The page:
The massive OOCL Hong Kong container vessel boasts 21,413 TEU capacity and holds the title as the first in the world to exceed the 21,000 TEU capacity threshold. There are currently only 12 container vessels that can boast capacity of this size, and eight of them are among the mega vessels deployed during the OCEAN Alliance’s Asia-North Europe Service, including Cosco Shipping’s GALAXY. 

“As a Hong Kong company deeply rooted in the city, OOCL HONG KONG’s maiden call has a very special place in many of our hearts, said Andy Tung, Co-Chief Executive Officer of OOCL. “Containerships like the OOCL HONG KONG are important ambassadors of world trade and as a home carrier, we are very proud to have this vessel carry the name of Hong Kong, flying the flag of Hong Kong, and continue serving the industries of Hong Kong. OOCL is very blessed to call Hong Kong our home and being an integral part of the city’s vibrant business community over the last 50 years, providing a vital link to global trade. We like to thank the HKSPA for the wonderful hospitality and celebrating this milestone event together with us.”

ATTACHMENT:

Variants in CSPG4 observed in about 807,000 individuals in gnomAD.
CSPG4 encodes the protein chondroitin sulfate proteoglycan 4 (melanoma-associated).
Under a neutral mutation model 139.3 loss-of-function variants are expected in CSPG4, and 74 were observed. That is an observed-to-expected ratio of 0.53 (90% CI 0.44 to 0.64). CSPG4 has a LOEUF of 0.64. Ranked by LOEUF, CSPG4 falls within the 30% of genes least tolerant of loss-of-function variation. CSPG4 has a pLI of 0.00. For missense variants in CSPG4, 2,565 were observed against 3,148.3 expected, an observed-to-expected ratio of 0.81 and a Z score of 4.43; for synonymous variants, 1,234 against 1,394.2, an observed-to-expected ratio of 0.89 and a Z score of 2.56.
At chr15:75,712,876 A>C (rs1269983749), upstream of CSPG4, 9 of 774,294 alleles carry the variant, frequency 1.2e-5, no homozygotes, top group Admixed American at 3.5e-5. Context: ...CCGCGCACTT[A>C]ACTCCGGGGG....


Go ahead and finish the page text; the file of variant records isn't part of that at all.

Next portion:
“We are proud of being ranked as the World’s Best Transshipment Port by COSCO SHIPPING this year,” said Hanliang Zhu, Managing Director of the Asia Container Terminals Limited (ACT) during the welcoming reception. “We will keep on working closely with the carriers as well as the shippers and other logistics providers to maintain Hong Kong as a reliable transshipment hub in the region.”